All that said, 50% of its score is still accounted for based upon technical proficiency, so let's have a looksee at where all that big indie money went and whether it paid dividends. The plot, again, without spoiling the conclusion 99% of you are already familiar with, is fantastic. Between that final revelation, the children being the protagonists, and the whodunit aspect that makes you think you've got it all figured out when you really haven't got a clue, is marvelous. At the end of the day it's just kids at summer camp doing kid things for much of the running time, and while that may cause some people to question the pacing, I think it's necessary for establishing the aesthetic they were going for. The acting, despite my praise for the decision to put the kids center stage, does tend to result in some uneven performances. Honestly, *all* the kids have moments of awkward delivery, and if one were to grade them I'd probably say that Karen Fields is the best simply because she has the easiest character to portray. Of course, the kids don't deserve all the blame because all the counselors have their own moments of ineptitude, and Allen Breton is flat-out bad as the cop on the scene who, when asked to return for reshoots, had shaved his mustache for another role and had to wear a *really* bad replacement. The best actor in the cast, depending upon what you think of Desiree Gould (she's either the best or the worst, but again, you sure's hell won't forget her performance), is without question the veteran character actor Mike Kellin who plays the stressed out camp manager, Mel. Sadly, Kellin was terminally ill at the time and essentially hid that fact from the production before ultimately passing away three months before it was released into theaters.

Here's who matters and why (cept Felissa Rose, who's done about a zillion low budget Horror flicks since returning to acting 17 years after Sleepaway camp came out): Jonathan Tiersten (Return to Sleepaway camp, Terror Tales 2016, Blood Reservoir, The Perfect House, Lake of Shadows), Christopher Collet (Langoliers), Mike Kellin (Just Before Dawn), Katherine Kamhi (The Occupants, Silent Madness), Paul DeAngelo (Return to Sleepaway Camp, Silent Madness), Desiree Gould (Tales of Poe), Robert Earl Jones (Maniac Cop 2), Michael C. Mahon (High School Possession, Oblivion 2, Dark Angel: The Ascent), James Paradise (Congo, Necronomicon: Book of the Dead, Buffy the Vampire Slayer), Dee Dee Friedman (Return to Sleepaway Camp), Maximo Gianfranco Sorrentino (Blood Reservoir, Caesar and Otto's Paranormal Halloween), Mike Tatosian (Return to Sleepaway Camp). Christopher Collet apparently went into voice acting and built up a pretty respectable resume of kiddie crapola, having voiced Steven Stone on the Pokemon TV series, Conklin on Yu-Gi-Oh! GX and a lotta other stuff that your kids've probably driven you nuts with at one point or another.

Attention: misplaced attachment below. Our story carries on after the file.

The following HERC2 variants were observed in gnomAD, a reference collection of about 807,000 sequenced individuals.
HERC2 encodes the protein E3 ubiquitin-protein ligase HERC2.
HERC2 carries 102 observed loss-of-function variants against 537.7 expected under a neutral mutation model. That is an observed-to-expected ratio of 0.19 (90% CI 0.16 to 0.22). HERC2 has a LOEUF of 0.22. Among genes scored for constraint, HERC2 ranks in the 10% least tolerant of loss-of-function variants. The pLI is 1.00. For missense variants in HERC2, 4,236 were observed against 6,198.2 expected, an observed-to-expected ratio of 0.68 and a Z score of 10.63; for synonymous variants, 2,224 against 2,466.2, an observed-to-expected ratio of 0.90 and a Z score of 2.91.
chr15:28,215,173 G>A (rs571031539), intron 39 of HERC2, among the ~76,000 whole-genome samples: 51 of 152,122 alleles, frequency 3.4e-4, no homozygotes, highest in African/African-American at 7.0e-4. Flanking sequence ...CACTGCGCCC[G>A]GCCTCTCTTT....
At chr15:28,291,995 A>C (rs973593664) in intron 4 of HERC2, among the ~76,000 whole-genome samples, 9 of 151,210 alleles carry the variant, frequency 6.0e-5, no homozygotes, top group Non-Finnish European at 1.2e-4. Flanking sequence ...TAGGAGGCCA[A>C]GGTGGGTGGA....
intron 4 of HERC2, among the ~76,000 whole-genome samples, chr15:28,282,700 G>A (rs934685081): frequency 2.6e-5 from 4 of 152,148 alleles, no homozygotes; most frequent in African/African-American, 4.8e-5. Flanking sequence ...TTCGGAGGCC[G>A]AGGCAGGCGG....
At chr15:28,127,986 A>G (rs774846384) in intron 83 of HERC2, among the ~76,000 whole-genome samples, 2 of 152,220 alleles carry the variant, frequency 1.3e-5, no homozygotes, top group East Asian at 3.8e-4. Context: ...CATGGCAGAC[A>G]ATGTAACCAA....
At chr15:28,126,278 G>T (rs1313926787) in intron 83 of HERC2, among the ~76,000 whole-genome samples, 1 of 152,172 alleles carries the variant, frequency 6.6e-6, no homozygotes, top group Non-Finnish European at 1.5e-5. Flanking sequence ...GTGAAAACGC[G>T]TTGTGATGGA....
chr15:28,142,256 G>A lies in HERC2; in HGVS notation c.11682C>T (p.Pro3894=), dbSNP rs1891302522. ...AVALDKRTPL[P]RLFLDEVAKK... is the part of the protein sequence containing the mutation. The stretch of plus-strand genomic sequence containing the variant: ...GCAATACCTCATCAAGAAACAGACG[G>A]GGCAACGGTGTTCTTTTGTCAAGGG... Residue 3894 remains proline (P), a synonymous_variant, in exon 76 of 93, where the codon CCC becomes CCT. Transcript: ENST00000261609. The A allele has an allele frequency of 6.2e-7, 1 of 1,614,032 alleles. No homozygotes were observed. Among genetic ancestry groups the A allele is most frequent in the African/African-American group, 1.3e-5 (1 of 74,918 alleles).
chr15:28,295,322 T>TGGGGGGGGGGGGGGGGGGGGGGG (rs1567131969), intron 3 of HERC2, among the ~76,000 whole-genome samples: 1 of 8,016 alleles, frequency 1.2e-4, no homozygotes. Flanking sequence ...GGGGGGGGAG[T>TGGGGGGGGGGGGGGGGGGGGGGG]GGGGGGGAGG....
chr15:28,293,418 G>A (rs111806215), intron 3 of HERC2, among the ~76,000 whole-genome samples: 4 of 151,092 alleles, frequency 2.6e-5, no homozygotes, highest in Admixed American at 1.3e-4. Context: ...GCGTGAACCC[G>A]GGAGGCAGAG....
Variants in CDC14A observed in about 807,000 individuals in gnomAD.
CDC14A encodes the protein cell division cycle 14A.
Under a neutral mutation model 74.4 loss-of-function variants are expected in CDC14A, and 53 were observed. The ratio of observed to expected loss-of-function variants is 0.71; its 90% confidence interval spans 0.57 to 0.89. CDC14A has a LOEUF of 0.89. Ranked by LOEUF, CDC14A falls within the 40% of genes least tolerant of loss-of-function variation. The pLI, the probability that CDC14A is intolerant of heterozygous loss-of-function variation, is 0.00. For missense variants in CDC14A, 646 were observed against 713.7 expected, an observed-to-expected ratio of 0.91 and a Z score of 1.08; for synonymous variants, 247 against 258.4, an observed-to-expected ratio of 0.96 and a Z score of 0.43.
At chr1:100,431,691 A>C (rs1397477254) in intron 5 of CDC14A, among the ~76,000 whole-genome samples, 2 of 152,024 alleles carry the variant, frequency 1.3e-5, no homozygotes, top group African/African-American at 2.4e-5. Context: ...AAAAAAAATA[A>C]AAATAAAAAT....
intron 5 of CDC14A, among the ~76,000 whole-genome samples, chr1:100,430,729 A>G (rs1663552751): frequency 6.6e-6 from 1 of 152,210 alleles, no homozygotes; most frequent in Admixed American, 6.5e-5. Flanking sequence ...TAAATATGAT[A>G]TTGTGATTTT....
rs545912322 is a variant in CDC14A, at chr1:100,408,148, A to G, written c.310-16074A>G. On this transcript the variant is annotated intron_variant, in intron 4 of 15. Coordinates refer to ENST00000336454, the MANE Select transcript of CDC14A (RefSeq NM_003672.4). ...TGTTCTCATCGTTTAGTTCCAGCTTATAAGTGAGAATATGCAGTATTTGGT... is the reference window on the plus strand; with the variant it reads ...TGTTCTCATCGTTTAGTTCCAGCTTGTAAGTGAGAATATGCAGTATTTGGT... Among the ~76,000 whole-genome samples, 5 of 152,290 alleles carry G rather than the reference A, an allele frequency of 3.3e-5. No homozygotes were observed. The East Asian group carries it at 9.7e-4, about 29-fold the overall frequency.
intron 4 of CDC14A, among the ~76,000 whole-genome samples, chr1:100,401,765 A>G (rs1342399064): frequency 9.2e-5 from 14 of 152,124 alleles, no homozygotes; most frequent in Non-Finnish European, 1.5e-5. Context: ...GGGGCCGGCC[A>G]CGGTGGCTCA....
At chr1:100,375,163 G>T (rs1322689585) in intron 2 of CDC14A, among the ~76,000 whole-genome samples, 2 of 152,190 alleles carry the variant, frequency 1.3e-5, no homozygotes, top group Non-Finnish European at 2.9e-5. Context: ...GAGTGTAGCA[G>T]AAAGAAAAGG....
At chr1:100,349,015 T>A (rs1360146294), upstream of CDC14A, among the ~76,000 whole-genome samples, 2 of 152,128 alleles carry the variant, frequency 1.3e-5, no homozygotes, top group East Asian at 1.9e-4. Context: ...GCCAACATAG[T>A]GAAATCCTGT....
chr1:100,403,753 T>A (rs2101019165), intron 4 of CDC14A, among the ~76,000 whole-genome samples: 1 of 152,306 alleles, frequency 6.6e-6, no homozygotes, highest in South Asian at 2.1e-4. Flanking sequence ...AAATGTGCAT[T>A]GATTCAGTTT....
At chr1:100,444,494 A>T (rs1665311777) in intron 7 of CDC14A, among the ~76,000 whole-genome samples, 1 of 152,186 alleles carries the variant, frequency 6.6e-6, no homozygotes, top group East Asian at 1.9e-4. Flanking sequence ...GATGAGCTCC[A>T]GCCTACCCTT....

The special effects are hit and miss, with the best of the bunch being the pulsating melted flesh on the pedophile cook. The job Ed French did on that guy holds up 35 years after the fact and still results in a squirm every time I see it - with Owen Hughes' agonized screams making it all the more effective. You've also got an arrow through the neck of Mike Kellin, which comes across well if you're not watching in slow-motion, the drowned corpse of Kenny (this is probably the worst of the bunch and isn't particularly realistic), Meg's two-foot long back slashing (the fake torso is pretty good, but it doesn't really come together with her head very cleanly), the body covered in bees (not great, but decent, with the bees covering most of what makes it clear that they're using a dummy), and of course, the iconic end sequence which I won't spoil other than to say that the mask they used is phenomenal. So they're good, but not flawless. The shooting locations, however, are flawless. The summer camp was a real camp (Camp Algonquin in Argyle, New York), so right outta the chute you've got invaluable authenticity that rarely comes across in quite the same way with sets, and which establishes the perfect tone and feel for the movie almost instantly. The one extremely minor gripe is that the crew had to wait until the Summer season was over to use the camp, and being September/October, there are a few scenes where you'll briefly see someone's breath when they're delivering lines. Towards the end of filming the crew was actually spray painting grass and leaves to maintain the illusion, but what the heck, I say it was worth it. The soundtrack seems a bit dated for 1983, and features some sections that sound like they'd be better suited to Thriller flicks from the '70s. In general, it still matches the somber tone of the movie and does a good job of helping to convey Angela's emotions in the first half of the movie where she isn't doing much talking, but it's a little dated. On the other hand, the track most people remember from the movie is Frank Vinci's "You're Just What I've Been Looking For," and it's a fairly catchy song with lyrics that're appropriate to the story. It's still got a little late '70s flavor in it, but it's undoubtedly New Wave, and helps bring the soundtrack more in line with the year of its production. Overall, other than some of the acting, Sleepaway Camp fares very well on the technical end, and better still from an entertainment perspective, so if you somehow haven't gotten around to this one yet, be sure to grab a copy immediately and correct that oversight.

Rating: 83%